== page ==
While sheltering in place I noticed a habit I developed. This habit must have caused my cat, Norie, to wonder the following thoughts: “Why does she keep waking me up from my naps? Is she bored or what? She’s driving me crazy! Is she crazy?”
What Norie doesn’t realize is I worry that she’s bored or not getting enough exercise. But everyone knows, including me that cats sleep 18 or more hours a day. So what is my problem?
I have to admit that some of it is from the depressing Covid 19 news. But I finally figured out the real problem: I have lost many who were important to me to death. As a retired nurse from working 37 years, I saw many deaths and tried to prevent a good many of them too. At the time I accepted them with compassion, understanding, some grief (if I knew them well or if they were young), and sometimes guilt. We nurses sometimes worry if there was something we could have or should have done differently, better or sooner regardless of the fact that almost always it was just that patient’s time to pass away.
There is another factor evident here though. I must admit that sometimes I am afraid I will come home from some activity and find my cat permanently asleep. I am an older woman now, over 70 years old. I am not afraid of death for myself. My spiritual and most of my earthly preparations have been made.
I realize that probably many people, my age, have lost loved ones and beloved pets. But just to get a picture of my experiences: between the ages of 12 and 59 I lost both parents, all four grandparents, my uncles, my husband, at least two high school classmates who were dear friends, a couple of friends, my husband’s mother, uncle, and aunt and several years after my husband’s death, his father, one aunt, and a neighbor who lived above me.
I had a dog once who died after Thanksgiving when I was about 15. I remember the grief I experienced over losing ChaCha, a sweet little rat terrier, Chihuahua mix.
For a long stretch I didn’t have any pets. After my husband’s death I adopted one son’s cat, one-year old Norie, in December 2010. The next year I adopted, three-year old, Sister. I wrote a post on Sister’s death 8 years later. She was a very sweet cat, who loved me as I loved her. Sometimes, I still tear up just thinking about her.
So now you may see, how the Covid 19 virus killing people all over the world, could cause thoughts of death, grief, and loss to sneak into my mind. At first I worried about my oldest adult son and his wife catching the virus and being on respirators. My mind froze with fear when I thought of them because they live in a small city and work around people all day long. Finally their jobs gave them some protections so I felt they are pretty safe now.
My second son and his wife and two boys, aged 5 and 3, and a 2-1/2 year old girl, live out in the country, and have stock piled supplies so there is little need to go shopping. I feel like they are more secure than anyone in the middle of an acre of land set back from the road.
The truth is I couldn’t protect any of them by worrying any way. But if you are a mother, you know your adult kids are still your children as well as their family and you want to protect them if possible. But the thought of losing any of my kids is a heart stopping one.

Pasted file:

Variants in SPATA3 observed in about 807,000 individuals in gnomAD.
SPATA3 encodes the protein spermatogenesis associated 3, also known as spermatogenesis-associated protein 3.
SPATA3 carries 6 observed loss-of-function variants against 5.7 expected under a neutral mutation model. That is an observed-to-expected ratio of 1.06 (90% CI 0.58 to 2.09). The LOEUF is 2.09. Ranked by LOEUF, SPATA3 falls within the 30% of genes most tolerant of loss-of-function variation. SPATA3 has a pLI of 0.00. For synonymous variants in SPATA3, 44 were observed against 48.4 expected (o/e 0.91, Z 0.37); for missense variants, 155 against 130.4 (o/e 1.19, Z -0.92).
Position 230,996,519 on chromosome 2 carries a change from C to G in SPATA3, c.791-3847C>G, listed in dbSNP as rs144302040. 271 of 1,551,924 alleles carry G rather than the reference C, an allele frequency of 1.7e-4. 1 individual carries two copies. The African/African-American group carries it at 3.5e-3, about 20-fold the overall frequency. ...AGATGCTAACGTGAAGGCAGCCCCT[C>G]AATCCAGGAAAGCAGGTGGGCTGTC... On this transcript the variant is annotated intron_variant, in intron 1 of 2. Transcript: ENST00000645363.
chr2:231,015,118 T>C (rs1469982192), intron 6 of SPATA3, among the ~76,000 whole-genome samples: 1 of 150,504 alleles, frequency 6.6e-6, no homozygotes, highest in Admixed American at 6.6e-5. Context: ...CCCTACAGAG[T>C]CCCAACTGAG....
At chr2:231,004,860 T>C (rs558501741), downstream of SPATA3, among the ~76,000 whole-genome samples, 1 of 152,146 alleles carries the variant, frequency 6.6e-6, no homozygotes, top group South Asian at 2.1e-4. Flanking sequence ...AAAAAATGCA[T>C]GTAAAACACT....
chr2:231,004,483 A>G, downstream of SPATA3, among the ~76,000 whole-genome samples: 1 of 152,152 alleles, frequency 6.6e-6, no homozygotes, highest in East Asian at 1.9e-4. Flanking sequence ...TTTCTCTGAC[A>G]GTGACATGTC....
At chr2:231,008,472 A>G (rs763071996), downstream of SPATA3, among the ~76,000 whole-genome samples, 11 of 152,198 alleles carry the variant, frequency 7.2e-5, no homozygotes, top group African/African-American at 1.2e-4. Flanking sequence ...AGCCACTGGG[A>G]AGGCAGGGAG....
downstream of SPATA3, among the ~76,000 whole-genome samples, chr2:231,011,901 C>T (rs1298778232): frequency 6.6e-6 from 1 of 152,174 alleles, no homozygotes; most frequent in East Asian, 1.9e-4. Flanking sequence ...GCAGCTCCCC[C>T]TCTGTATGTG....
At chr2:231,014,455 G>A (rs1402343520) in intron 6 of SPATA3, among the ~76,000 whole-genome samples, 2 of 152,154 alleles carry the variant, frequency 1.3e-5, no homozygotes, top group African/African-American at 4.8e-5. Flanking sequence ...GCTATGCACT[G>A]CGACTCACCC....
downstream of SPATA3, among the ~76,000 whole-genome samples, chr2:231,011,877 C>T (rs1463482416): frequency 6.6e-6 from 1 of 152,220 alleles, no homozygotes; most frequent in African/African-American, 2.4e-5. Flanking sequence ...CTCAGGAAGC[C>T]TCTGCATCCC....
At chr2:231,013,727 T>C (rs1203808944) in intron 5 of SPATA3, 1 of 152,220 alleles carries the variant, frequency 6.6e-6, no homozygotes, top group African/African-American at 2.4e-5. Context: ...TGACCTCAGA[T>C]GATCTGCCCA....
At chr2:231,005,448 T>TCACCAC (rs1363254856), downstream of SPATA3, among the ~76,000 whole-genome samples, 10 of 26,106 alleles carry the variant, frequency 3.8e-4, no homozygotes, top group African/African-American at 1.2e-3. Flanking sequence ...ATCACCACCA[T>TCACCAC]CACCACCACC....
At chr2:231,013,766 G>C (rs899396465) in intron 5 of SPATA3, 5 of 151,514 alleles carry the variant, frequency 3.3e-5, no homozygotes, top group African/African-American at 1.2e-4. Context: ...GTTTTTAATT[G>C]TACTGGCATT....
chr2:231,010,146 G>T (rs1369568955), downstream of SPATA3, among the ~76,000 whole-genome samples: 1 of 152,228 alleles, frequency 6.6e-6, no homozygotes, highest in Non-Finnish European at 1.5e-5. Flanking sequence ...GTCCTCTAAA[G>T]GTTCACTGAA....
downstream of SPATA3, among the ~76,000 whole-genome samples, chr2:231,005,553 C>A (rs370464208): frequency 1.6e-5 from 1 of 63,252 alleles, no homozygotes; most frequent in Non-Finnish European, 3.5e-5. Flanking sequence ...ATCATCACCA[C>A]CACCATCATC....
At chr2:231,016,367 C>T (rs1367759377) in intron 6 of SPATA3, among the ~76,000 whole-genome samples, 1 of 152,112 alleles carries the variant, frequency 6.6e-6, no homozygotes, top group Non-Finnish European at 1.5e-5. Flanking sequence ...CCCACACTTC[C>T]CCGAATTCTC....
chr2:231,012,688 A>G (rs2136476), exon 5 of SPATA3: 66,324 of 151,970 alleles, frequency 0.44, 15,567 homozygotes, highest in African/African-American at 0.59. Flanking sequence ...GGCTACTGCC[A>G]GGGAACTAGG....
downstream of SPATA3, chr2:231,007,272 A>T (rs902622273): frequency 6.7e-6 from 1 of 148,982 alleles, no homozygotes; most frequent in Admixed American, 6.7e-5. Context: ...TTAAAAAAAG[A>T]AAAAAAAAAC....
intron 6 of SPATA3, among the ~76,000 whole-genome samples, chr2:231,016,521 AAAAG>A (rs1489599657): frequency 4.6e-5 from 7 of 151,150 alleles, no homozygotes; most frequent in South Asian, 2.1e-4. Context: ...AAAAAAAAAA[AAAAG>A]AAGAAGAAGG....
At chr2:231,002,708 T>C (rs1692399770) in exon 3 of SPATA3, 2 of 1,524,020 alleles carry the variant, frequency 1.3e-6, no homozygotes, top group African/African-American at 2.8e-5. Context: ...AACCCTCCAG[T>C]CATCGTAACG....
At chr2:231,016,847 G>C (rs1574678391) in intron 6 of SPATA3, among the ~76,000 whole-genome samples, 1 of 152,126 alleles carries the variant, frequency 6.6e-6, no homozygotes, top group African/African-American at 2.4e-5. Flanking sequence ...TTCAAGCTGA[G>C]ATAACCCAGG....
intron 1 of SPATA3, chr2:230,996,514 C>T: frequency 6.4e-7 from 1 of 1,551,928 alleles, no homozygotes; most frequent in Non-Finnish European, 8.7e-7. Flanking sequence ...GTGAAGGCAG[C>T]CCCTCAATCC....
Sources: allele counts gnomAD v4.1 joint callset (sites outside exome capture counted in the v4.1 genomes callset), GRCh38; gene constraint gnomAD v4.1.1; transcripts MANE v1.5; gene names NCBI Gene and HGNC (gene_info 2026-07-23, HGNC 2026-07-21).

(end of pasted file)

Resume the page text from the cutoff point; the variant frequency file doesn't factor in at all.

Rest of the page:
Then one of my best friends is a nurse cares for Covid patients on the hospital floors. My other friend retired a year ago. Until the numbers of Covid patients started going up I wasn’t worried about either one because of the precautions they took like protective gear they have to wear.
Worrying is not going to make a difference. I write this thinking of other mothers and fathers, daughters and sons, with relatives they worry about. It is normal I think in situations like this and in times like these that we are concerned and even worry at first. But then comes the time you have to release the fears for their safety, knowing that there is nothing for us to do except pray and leave them in God’s hands and believe.
The fears for all of my loved ones has lessened greatly after hearing of the milder versions of the virus and their relatively safe work environments. There is hope for a new medicine too. But I still pray for their safety and protection. Of course I pray for our world too. That is all I can do. The rest is left up to God.
Most of you are too young to remember Doris Day but she sang a song which became her song. It came from a movie she starred in named, “The Man Who Knew Too Much.” In the beginning of the movie Doris Day’s character always sang a song to her son. The key words were: “Whatever will be, will be. The future’s not ours to see, Que Sera, Sera.” Below is the link to it.
Nothing can stop some anxiety but we can’t be sucked into a never ending tornado that paralyzes or wrecks our lives. Many have suffered much but many have eventually overcome a large part of the grief and tragedy over time. Also many are getting the covid vaccines and boosters. This gives me hope.
As Psalm 30:5 reminds us: “Weeping may endure for the night, but joy comes in the morning.” Of course grief can last longer and symbolically is our night. But there can be a morning (new day) in which many can come through on the other side of the pain and enjoy the memories and tokens left from that person.
Also I know I have mentioned the Prayer of Serenity before but it neatly applies to this anxiety too. We need to pray for ourselves, our safety and health too.
God grant me the serenity to accept the things I cannot change, Courage to change the things I can change, And the wisdom to know the difference.
Sometimes you just have to accept that whatever is meant to happen will happen. All I can do is believe in a higher power who has the world’s best interest at heart.